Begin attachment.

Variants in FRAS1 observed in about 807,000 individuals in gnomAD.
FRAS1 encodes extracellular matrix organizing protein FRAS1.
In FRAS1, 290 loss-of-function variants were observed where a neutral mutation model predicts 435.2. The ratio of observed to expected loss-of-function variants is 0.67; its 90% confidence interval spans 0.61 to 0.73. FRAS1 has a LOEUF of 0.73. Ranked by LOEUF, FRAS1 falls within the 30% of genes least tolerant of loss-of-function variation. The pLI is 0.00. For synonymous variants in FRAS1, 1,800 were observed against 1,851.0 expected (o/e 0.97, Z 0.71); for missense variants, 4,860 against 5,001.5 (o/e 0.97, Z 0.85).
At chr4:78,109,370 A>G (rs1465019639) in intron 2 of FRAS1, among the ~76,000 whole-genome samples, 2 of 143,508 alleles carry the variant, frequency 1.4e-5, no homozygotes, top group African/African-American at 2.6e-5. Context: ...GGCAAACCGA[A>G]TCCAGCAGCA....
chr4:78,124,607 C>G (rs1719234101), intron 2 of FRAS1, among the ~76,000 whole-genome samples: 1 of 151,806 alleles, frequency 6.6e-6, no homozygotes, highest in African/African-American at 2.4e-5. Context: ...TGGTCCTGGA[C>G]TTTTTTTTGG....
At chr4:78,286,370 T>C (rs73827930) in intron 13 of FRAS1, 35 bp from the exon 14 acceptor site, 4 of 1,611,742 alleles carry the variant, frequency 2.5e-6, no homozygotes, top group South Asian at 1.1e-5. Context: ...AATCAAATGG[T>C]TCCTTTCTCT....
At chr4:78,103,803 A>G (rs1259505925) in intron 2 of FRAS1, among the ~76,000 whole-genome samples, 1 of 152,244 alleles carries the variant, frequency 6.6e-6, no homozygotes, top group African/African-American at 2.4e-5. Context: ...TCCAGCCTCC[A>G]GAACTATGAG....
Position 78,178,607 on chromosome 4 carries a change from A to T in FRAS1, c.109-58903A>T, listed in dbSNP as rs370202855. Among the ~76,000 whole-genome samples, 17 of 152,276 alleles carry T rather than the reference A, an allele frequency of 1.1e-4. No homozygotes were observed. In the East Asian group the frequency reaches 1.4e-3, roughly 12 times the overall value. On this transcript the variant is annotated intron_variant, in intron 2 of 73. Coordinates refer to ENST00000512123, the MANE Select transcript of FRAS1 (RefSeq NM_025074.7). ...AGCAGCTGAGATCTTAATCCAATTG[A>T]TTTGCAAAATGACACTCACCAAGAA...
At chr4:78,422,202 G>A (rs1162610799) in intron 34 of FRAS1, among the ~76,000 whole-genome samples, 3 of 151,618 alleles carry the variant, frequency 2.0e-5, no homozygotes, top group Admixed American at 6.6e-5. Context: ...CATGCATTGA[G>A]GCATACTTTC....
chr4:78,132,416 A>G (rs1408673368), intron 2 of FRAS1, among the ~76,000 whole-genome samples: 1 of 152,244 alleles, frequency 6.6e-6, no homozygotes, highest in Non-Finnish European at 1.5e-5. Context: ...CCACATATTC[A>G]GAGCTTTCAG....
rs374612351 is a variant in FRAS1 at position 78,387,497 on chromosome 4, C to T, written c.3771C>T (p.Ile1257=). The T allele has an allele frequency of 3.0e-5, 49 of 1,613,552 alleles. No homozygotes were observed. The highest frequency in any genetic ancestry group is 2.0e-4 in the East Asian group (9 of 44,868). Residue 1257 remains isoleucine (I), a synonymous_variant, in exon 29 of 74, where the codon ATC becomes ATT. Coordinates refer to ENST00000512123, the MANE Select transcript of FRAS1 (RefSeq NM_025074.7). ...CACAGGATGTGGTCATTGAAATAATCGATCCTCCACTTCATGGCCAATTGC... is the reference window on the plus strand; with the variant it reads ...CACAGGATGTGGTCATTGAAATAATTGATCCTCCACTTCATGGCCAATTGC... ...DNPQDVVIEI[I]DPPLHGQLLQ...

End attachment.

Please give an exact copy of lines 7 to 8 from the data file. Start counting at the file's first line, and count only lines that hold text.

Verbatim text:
At chr4:78,103,803 A>G (rs1259505925) in intron 2 of FRAS1, among the ~76,000 whole-genome samples, 1 of 152,244 alleles carries the variant, frequency 6.6e-6, no homozygotes, top group African/African-American at 2.4e-5. Context: ...TCCAGCCTCC[A>G]GAACTATGAG....
Position 78,178,607 on chromosome 4 carries a change from A to T in FRAS1, c.109-58903A>T, listed in dbSNP as rs370202855. Among the ~76,000 whole-genome samples, 17 of 152,276 alleles carry T rather than the reference A, an allele frequency of 1.1e-4. No homozygotes were observed. In the East Asian group the frequency reaches 1.4e-3, roughly 12 times the overall value. On this transcript the variant is annotated intron_variant, in intron 2 of 73. Coordinates refer to ENST00000512123, the MANE Select transcript of FRAS1 (RefSeq NM_025074.7). ...AGCAGCTGAGATCTTAATCCAATTG[A>T]TTTGCAAAATGACACTCACCAAGAA...